Ice, Trees & Power, Part 1


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Trees cause power outages during ice storms. This presentation shows the impacts of ice on trees, how trees fail, and suggests says to avoid damage and power outages. This is the first part of a two-part slide show.

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Ice, Trees & Power, Part 1

  1. 1. Ice, Trees & Power, Part I
  2. 2. <ul><li>The Ice Storm of 2009 wiped out power to many Kentucky homes & businesses. Trees were the cause of most power outages in central Kentucky. </li></ul>
  3. 3. <ul><li>What caused all the damage, and how can cities be better prepared in the future to minimize damage and outages? In this presentation, we will describe the effects of ice on trees. </li></ul>
  4. 4. <ul><li>Large, well-maintained trees suffered little damage. This white oak bore tons of ice. It bent, but lost no live limbs in ice storms in 2003 and 2009. </li></ul>
  5. 5. <ul><li>Ice storms load tree branches with excess weight. </li></ul>
  6. 6. <ul><li>If the weight of the ice exceeds the load capacity of the branch, it will break. Tree species vary in their load tolerance. This branch failed in the middle… </li></ul>
  7. 7. <ul><li>… but branches more often fail where they are attached to the trunk. In this case, the branch failure split the entire trunk. </li></ul>
  8. 8. <ul><li>Healthy branches can fail, but the majority of branch failures are due to decay. Decay is common at the branch-trunk junction. Branch on left was healthy, on right was decayed. </li></ul>
  9. 9. <ul><li>Tree species with weak wood, such as this hackberry, are likely to fail whether or not decay is present. </li></ul>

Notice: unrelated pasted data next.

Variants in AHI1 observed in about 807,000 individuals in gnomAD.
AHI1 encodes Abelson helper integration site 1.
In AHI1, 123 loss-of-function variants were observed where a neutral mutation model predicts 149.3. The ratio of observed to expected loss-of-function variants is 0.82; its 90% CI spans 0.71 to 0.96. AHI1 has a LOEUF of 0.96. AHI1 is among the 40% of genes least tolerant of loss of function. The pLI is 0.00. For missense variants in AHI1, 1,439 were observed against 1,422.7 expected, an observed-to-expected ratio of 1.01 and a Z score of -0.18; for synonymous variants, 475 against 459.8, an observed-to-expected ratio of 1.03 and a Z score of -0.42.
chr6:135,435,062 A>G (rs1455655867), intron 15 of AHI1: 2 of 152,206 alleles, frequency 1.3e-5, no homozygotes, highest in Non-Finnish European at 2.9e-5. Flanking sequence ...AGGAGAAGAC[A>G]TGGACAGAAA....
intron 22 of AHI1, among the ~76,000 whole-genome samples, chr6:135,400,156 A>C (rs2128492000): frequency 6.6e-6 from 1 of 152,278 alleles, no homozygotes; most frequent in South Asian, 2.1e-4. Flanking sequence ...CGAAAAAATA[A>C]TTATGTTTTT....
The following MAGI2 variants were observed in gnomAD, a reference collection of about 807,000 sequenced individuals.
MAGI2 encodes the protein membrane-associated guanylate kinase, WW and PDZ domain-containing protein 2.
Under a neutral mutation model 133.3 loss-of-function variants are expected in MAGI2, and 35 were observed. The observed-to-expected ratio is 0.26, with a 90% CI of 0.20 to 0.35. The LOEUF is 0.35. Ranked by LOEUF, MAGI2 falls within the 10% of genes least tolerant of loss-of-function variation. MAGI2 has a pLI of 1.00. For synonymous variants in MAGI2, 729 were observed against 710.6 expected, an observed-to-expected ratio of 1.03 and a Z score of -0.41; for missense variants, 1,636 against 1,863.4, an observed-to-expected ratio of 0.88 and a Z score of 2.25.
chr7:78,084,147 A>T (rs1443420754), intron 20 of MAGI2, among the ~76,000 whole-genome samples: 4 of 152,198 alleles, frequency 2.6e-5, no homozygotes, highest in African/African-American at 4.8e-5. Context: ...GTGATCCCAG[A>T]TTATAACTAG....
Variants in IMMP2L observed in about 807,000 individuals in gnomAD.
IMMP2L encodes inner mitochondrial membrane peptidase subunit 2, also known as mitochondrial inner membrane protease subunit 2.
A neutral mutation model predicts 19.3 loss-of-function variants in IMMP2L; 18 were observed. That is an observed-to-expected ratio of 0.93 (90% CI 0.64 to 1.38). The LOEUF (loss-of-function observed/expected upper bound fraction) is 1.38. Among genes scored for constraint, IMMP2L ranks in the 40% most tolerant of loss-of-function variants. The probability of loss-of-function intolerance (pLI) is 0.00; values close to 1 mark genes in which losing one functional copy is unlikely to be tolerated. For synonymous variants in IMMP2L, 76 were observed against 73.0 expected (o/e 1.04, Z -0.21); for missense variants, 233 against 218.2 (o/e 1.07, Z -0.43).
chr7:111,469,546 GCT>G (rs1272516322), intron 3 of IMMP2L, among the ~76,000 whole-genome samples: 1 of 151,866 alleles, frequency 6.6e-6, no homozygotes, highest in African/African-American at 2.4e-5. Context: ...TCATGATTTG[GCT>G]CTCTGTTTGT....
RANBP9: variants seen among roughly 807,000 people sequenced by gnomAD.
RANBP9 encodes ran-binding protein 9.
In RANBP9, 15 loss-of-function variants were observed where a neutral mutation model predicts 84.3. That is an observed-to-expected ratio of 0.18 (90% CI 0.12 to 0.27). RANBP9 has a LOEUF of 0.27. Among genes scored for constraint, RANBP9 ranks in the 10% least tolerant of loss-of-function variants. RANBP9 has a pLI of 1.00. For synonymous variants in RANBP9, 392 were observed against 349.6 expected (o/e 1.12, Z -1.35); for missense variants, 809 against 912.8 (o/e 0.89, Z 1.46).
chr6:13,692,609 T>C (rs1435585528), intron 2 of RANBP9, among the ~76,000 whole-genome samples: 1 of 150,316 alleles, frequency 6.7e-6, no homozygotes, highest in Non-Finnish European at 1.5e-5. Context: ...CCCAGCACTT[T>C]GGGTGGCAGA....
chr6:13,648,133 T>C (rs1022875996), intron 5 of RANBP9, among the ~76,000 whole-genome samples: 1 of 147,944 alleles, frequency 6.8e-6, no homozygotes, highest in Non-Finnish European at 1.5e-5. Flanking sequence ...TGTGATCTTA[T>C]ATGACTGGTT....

10. 10. <ul><li>Branches in this tree failed in both 2003 and 2009 ice storms. The lower branch had some decay, possibly due to the 2003 storm damage. </li></ul>2003 2009
  11. 11. <ul><li>This large lacebark elm failed completely, with multiple stems fracturing just above ground leve. </li></ul>
  12. 12. <ul><li>A close-up of the lacebark elm shows that the trees was severely decayed, with root and butt rot. Failure in this tree was entirely predictable. </li></ul>
  13. 13. <ul><li>Some trees have architecture that resists failure. Norway spruce (Left) branches bend down, shedding ice and reducing load. </li></ul>
  14. 14. <ul><li>White pine (right) branches are more rigid with weak wood. Branch failure is common. This tree took down a main power line when branches failed. </li></ul>
  15. 15. <ul><li>Location is important in species selection. White pine is a poor choice where there is a target for damage, such as a power line or structure. Where there is no target, white pine can be a good choice. </li></ul>
  16. 16. <ul><li>Trees that fail in ice storms and cause damage are typically a poor species choice, located too near a target, or lacking adequate care. </li></ul>
  17. 17. <ul><li>Most often, damage by trees in ice storms is due to a combination of poor species choice, poor location and neglect of basic tree care. </li></ul>
  18. 18. <ul><li>In the next slide show of this series, we will provide a solution to the problems of ice, trees and power. </li></ul>